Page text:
This is the fifteenth post in my series that explores the most-used words in the top stories shared amongst Environmental Historians and Environmental Humanities scholars on Twitter each week.

Levi P. Morton

Here are the top articles amongst environmental historians and humanities scholars this past week (June 12 – June 18, 2017):

Monday: “Air pollution more harmful to children in cars than outside, warns top scientist” by Damian Carrington, The Guardian

Tuesday: Fake Grassroots Group Launched by Natural Gas Industry to Counter Pipeline Protests” by Lorraine Chow, EcoWatch

Wednesday: The Canada most people don’t hear” by Alicia Elliott, Robert Jago, Melanie Lefebvre, and Ryan McMahon, Maclean’s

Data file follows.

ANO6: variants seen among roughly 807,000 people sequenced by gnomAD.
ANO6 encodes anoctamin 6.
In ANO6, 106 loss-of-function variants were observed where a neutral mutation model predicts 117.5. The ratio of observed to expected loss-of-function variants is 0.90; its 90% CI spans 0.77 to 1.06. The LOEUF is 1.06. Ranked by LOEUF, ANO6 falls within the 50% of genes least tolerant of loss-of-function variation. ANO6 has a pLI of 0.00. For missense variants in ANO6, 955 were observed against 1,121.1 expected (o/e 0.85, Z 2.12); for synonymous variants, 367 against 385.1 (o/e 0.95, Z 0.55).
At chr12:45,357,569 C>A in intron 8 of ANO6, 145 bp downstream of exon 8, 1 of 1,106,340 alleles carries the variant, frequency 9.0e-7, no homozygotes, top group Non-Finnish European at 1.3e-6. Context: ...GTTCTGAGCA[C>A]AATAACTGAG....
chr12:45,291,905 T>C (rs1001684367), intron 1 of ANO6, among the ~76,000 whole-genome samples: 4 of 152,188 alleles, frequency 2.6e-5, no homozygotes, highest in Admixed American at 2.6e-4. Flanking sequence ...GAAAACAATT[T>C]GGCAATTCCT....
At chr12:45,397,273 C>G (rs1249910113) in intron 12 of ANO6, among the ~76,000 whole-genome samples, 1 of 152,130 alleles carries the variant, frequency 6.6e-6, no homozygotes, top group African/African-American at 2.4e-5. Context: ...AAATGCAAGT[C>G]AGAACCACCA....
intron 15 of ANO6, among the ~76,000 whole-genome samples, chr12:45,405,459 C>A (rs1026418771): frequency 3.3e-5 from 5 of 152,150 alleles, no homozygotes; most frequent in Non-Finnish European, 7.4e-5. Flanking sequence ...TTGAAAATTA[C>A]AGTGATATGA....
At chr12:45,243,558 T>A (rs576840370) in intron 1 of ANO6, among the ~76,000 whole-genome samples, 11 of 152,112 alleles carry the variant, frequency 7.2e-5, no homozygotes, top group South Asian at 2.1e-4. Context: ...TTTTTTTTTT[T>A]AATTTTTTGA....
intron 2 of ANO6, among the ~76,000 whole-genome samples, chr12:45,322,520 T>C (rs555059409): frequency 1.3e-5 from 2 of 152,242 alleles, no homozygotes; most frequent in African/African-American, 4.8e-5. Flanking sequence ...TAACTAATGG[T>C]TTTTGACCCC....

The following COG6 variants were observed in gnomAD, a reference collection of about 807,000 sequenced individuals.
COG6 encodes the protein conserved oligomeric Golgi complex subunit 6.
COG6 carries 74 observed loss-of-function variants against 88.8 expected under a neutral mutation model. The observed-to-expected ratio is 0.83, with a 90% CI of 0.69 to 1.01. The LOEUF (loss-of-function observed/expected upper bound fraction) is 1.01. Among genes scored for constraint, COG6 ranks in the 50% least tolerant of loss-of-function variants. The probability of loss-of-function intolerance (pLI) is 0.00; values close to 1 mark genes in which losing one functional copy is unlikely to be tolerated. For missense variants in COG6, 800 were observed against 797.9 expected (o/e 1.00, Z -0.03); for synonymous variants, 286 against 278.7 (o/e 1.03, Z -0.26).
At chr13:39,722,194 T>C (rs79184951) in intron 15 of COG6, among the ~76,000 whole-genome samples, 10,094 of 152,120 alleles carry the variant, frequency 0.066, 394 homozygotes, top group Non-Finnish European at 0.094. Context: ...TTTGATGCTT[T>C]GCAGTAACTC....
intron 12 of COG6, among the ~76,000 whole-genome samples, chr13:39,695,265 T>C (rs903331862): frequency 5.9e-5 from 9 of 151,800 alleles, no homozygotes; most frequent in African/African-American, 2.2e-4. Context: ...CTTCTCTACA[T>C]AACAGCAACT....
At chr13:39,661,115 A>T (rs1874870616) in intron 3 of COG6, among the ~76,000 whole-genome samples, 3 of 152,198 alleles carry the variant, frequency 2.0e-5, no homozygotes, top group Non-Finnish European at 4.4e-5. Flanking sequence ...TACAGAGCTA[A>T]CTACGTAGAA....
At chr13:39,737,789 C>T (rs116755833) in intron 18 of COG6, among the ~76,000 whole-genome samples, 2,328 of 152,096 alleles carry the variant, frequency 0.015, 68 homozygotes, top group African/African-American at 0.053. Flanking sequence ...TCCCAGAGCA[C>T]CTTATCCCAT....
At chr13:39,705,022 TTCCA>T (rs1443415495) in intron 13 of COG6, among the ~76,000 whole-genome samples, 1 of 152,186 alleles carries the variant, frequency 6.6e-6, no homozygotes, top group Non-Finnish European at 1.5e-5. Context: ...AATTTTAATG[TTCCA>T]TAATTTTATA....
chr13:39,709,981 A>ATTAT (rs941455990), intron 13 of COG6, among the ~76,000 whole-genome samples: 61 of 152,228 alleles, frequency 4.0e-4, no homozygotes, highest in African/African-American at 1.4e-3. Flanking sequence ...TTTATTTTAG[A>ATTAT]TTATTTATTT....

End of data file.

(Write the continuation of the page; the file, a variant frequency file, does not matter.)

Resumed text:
Thursday: ‘A reckoning for our species’: the philosopher prophet of the Anthropocene” by Alex Blasdel, The Guardian

Friday: Environmental History and the History of Emotions” by Andrea Gaynor, HISTORIES OF EMOTION: From Medieval Europe to Contemporary Australia 

Saturday: Incredibly Rare White Risso’s Dolphin Spotted For First Time In Years” by Tom Hale, IFLScience!

Sunday: This exciting Brexit future feels like all the rubbish bits from the past” by Marina Hyde, The Guardian

Top Words

1. Morton

2. people

3. Anthropocene

4. one

5. Indigenous 

6. now

7. said 

8. can

9. Gilmore

10. time

11. like

 

Published by Jessica M. DeWitt

Dr. Jessica M. DeWitt is an environmental historian of Canada and the United States. She is passionate about the use of digital technologies to bridge the gap between the public and researchers. In addition to her community and professional work, she offers various editing and social media consultancy services.

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